IDGAF (feat. Yeat)- “An ode to Rage,” This track is the quintessential rage trap music that you hear on TikTok constantly. It’s done the best in the tracklist, but that’s not that surprising given Drake tracks like this one have been engineered for the widest amount of ears to enjoy. Yeat really isn’t that different in his verse and you just get the standard rage song, aside from the memes about Drake’s opening there is nothing that special about the song.  The issue with this song isn’t the fact that Drake isn’t transformative it’s that he doesn’t try. 

 

7969 Santa- I have a personal affinity to this song, it being my favorite track on the album. Drake calls back to “Pain 1993” from his shockingly mediocre record “Dark Lane Demo Tapes,” a track which Drake featured and took from artist “Playboi Carti” and his ethereal sound. On “7969 Santa” Graham evokes a similar sentiment, via a cut that puts you into this cold Toronto night atmosphere. The track produces this wafer-thin airy atmosphere that you can quite literally cut through; as if you’re driving and the only ambiance is coming from street lights, Drake articulates these sensations all the while still maintaining a subtle sharpness and precision in his flow. Teezo Touchdown ends the track with a beautiful ballad, cutting into the playful running gag that is BARK radio, these cutaways are meant to introduce the next song while giving you an interesting celebrity cameo. In this instance, it was Snoop Dogg, which was a perfect way to finish off a flawless track, the iconic voice, and the cosigning of Teezo’s touchdown.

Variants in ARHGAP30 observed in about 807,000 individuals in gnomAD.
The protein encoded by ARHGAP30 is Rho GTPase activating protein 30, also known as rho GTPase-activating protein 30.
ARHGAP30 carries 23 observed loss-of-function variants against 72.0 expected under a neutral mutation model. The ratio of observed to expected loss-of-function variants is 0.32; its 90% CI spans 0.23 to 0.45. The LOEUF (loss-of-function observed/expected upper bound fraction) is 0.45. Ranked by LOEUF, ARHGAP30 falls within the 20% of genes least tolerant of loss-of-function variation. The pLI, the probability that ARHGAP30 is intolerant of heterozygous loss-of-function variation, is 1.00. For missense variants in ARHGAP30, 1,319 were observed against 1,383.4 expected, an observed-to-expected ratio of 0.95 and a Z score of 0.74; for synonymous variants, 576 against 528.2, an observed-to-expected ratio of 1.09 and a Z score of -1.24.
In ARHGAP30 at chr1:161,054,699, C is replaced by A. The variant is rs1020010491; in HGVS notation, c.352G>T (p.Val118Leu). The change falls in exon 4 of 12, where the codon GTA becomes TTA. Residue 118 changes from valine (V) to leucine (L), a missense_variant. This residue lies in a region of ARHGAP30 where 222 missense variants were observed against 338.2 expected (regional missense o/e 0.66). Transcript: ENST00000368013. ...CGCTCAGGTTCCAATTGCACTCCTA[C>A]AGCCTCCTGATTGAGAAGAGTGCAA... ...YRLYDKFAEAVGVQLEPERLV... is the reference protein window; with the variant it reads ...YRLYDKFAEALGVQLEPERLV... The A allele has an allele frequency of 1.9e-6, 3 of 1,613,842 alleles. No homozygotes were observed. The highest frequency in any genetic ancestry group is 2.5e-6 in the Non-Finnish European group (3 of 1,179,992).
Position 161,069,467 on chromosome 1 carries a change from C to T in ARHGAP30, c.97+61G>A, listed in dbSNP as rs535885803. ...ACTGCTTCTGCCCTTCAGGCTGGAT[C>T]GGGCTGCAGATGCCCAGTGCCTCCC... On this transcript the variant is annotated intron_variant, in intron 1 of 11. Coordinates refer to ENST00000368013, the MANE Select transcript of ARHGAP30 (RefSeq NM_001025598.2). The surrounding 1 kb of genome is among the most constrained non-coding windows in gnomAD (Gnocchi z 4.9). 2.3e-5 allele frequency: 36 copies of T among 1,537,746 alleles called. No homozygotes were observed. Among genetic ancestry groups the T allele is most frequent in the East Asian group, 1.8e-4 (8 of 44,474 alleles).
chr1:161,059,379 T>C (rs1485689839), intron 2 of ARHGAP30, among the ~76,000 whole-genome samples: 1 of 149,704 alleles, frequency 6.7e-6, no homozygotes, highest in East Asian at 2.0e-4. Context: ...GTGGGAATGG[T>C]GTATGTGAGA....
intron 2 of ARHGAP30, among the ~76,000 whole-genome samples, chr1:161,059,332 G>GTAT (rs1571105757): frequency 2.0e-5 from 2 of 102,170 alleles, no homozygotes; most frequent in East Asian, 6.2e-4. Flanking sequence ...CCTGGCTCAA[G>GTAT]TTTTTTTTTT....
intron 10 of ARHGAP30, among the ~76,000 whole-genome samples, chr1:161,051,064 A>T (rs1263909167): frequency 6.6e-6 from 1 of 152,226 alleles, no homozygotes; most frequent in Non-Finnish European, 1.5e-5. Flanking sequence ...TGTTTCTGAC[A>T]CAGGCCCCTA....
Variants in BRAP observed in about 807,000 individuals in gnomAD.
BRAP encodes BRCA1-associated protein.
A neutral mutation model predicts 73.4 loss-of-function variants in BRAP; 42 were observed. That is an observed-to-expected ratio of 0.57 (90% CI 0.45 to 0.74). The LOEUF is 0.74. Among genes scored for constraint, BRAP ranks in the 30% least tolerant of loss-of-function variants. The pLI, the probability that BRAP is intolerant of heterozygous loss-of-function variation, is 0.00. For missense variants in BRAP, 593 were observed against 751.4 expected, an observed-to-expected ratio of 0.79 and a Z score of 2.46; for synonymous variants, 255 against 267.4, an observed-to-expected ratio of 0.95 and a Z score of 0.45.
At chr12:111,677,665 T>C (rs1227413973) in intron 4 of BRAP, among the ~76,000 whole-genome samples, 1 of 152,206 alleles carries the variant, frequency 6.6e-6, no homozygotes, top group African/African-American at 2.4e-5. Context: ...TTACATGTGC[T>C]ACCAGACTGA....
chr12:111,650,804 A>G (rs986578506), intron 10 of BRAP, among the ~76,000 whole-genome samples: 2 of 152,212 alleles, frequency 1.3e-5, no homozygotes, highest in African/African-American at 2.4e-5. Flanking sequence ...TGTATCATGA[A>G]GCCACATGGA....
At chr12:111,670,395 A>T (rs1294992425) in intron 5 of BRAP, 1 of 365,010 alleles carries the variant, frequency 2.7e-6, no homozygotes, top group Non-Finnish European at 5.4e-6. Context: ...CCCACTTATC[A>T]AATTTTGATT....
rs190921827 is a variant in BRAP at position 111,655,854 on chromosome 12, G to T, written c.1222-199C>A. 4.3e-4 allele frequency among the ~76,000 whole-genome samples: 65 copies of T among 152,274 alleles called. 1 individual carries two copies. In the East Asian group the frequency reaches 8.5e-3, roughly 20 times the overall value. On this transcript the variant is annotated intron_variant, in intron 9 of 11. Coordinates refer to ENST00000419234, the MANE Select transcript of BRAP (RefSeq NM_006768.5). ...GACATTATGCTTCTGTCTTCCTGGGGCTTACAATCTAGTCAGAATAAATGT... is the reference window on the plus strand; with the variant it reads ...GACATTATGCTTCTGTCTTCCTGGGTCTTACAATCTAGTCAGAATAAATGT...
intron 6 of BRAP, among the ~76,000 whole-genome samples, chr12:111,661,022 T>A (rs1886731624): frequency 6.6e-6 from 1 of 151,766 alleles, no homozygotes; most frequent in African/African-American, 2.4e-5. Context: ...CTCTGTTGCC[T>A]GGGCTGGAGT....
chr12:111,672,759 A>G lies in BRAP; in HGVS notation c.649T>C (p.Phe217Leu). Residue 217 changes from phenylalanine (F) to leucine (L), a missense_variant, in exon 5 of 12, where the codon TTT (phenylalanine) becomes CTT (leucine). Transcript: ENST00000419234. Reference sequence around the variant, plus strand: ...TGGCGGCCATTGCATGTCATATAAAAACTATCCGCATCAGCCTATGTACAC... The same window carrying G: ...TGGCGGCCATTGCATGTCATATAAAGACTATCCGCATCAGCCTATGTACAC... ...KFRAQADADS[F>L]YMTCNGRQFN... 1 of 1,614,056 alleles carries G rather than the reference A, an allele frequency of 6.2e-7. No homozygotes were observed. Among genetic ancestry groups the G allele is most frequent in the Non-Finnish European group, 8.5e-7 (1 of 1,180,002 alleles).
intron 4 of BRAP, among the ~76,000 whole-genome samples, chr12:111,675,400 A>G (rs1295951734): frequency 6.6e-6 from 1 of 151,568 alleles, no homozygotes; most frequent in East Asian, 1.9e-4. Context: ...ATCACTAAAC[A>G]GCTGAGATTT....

Bahamas Promises- This and many other songs on the album go back to my point earlier in the review. Drake has gotten to a point where he doesn’t need to try which is valid because of his level of success, but with that is gonna come the criticism of a decrease in the quality of the content. This song is a clear example of that. It’s mostly filler and annoying, mostly him adorning about with another “woe is me, you ruined my perfect Bahamas trip” plot point, to the long pacing of the track. 

 

8 am in Charlotte- Coming off of the album’s arduous and almost business-like side, “8 am in Charlotte” is an interesting cut that opens the emotional end of the album. This is a better song in a part of the album that if I were being brutally honest could’ve done with some editing and just straight-up removal of the low-effort filler tracks. The piano and beat are consistent and overall Drake comes through with bars.